The Contribution of alpha2-Adrenoceptors to Sympathetic Neuroeffector Transmission in the Rabbit Isolated Saphenous and Plantaris Veins

Daly, Craig James (1993) The Contribution of alpha2-Adrenoceptors to Sympathetic Neuroeffector Transmission in the Rabbit Isolated Saphenous and Plantaris Veins. MSc(R) thesis, University of Glasgow.

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Abstract

1 The aim of the study was to establish i) the presence or absence of postjunctional alpha2-adrenoceptors on the rabbit isolated saphenous and plantaris veins, ii) the contribution of these receptors (if any) to sympathetic neuroeffector transmission in both vessels, iii) the conditions which may influence their contribution to the neuroeffector response. 2 Based on the rank order of alpha-adrenoceptor subtype specific agonist potency (UK 14304 > NA >> phenylephrine) and antagonist potency (rauwolscine = prazosin > corynanthine), the saphenous vein was considered to possess a mixed population of postjunctional alpha1- and alpha2-adrenoceptors. A possible interaction between these receptors is discussed. 3 Based on the rank order of alpha-adrenoceptor subtype specific agonist potency (UK 14304 > NA >> phenylephrine) and antagonist potency (rauwolscine > corynanthine >> prazosin), the plantaris vein was considered to possess a more homogeneous population of functional postjunctional alpha2-adrenoceptors than the saphenous vein. 4 The effects of relatively selective alpha-adrenoceptor antagonists, on the response to electrical field stimulation (EFS), in the saphenous vein suggested that alpha1-adrenoceptors play a major role in the neurovascular response. 5 Responses to EFS in the saphenous vein were unaffected by either propranolol or corticosterone. Cocaine, however, was found to potentiate the height and, more significantly, to prolong the time course of the response to EFS in the saphenous vein. 6 The effects of selective a-antagonists, in the presence of cocaine, indicated a small contribution from postjunctional alpha2-adrenoceptors to the response to EFS in the saphenous vein. 7 The apparent lack of effect of rauwolscine and the inhibitory effect of prazosin on responses to EFS in the plantaris vein indicated that, in the absence of cocaine, alpha1- adrenoceptors play a major role in neuroeffector transmission in this vessel. 8 In the presence of cocaine, rauwolscine caused a significant inhibition of responses to EFS in the plantaris vein. The effect of prazosin however was unaffected. This indicates that, in the presence of cocaine, postjunctional alpha2-adrenoceptors play a significant role in neuroeffector transmission. 9 The non-adrenergic component of the response to EFS in the plantaris vein was found to be highly sensitive to inhibition by alpha-beta,methyleneATP. This suggests that NA & ATP are co-transmitters in the sympathetic nerves of the plantaris vein. 10 As mentioned above (point 5), cocaine increased the duration of the response to EFS in the saphenous vein. This resulted from the emergence of a secondary phase of the response to EFS above 8Hz which was highly sensitive to inhibition by the alpha2-adrenoceptor antagonists rauwolscine and CH 38083. The first phase was sensitive to alpha1-adrenoceptor antagonists. Thus in the presence of cocaine, alpha2-adrenoceptors provide a major contribution to the neurovascular response above 8Hz. 11 Lowering the PO2 in the saphenous vein caused the appearance of a secondary phase of the response to EFS. In low O2 prazosin was found to be slightly less effective but the effect of rauwolscine was no greater. This indicated that merely lowering P02 was not sufficient to recruit a significant population of postjunctional alpha2-adrenoceptors for the response to neuroeffector transmission. 12 In the absence of cocaine and in the presence of selective alpha-adrenoceptor antagonists, angiotensin II (All) did not potentiate responses to EFS in the saphenous vein. In the presence of cocaine and prazosin however All caused a significant potentiation of response at 16Hz and above. Thus All has a facilitatory effect on postjunctional alpha2-adrenoceptors when neuronal uptake is blocked. 13 All caused potentiation of responses to EFS in the plantaris vein only in the presence of prazosin and regardless of the presence of cocaine. Therefore, AH can be shown to have a selective potentiating effect on postjunctional alpha2-adrenoceptors which are involved in the response to EFS in both the saphenous and plantaris veins. 14 The sensitivity to selective and non-selective alpha-adrenoceptor agonists in the saphenous vein was unaffected by removal of the endothelium. The maximum response to the alpha1-adrenoceptor agonists was however increased. This suggests that endogenous nitric oxide (NO) liberated from the endothelium has an inhibitory effect on responses mediated by postjunctional alpha1- but not alpha2-adrenoceptors. 15 The effect of L-NAME (an inhibitor of NO synthetase) was assessed on the biphasic response to EFS and the response to exogenous NA in the saphenous vein. L-NAME caused a marked potentiation of the response to EFS. However, no selective effect on either phase was found. Endogenous NO had more of an effect on those receptors involved in the response to EFS than those involved in the response to exogenously applied agonists. 16 In conclusion, functional alpha2-adrenoceptors are present on both the saphenous and plantaris veins. The addition of cocaine, to block neuronal uptake and thus increase the concentration or duration of NA in the neuroeffector junction, can enhance the contribution of alpha2-adrenoceptors to the response to neuroeffector transmission. All can also enhance the contribution of alpha2-adrenoceptors to the neurovascular response. It is not certain whether changes in PO2 or basal levels of NO can selectively augment alpha2- adrenoceptor function although these factors can modulate the alpha-adrenoceptor mediated response to neuroeffector transmission in the saphenous vein.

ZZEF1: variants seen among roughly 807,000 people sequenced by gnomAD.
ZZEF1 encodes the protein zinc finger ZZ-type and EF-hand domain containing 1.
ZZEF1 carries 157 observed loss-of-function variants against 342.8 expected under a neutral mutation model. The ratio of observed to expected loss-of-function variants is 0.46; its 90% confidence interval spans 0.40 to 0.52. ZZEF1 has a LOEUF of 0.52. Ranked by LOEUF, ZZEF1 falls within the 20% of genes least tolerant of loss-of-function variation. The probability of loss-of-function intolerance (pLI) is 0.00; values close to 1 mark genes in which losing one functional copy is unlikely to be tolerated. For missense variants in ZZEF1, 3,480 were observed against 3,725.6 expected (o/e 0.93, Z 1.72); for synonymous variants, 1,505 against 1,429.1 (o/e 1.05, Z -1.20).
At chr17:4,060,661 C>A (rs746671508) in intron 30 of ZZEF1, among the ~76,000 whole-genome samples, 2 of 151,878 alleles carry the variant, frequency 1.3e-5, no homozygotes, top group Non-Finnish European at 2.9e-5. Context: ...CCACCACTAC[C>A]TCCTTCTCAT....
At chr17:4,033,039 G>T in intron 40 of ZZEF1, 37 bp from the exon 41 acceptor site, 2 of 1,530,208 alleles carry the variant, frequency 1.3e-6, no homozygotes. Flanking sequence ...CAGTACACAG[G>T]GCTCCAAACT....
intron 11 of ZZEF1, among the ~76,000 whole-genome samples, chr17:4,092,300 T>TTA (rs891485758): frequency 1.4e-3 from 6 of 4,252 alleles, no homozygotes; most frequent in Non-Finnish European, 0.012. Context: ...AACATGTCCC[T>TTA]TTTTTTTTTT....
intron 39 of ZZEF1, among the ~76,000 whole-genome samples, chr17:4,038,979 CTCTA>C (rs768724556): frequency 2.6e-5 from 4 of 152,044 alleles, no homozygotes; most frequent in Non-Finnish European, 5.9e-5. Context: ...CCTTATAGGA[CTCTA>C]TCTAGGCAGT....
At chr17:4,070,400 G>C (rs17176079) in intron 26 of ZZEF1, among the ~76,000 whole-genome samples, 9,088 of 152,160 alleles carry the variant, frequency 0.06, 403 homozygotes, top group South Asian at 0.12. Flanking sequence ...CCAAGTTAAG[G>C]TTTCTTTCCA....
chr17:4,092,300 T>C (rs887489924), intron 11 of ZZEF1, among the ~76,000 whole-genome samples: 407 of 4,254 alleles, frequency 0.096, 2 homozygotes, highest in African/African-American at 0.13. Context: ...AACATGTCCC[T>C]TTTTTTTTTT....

Item Type: Thesis (MSc(R))
Qualification Level: Masters
Additional Information: Adviser: J C McGrath
Keywords: Neurosciences, Physiology
Date of Award: 1993
Depositing User: Enlighten Team
Unique ID: glathesis:1993-75616
Copyright: Copyright of this thesis is held by the author.
Date Deposited: 19 Nov 2019 19:17
Last Modified: 19 Nov 2019 19:17
URI: http://theses.gla.ac.uk/id/eprint/75616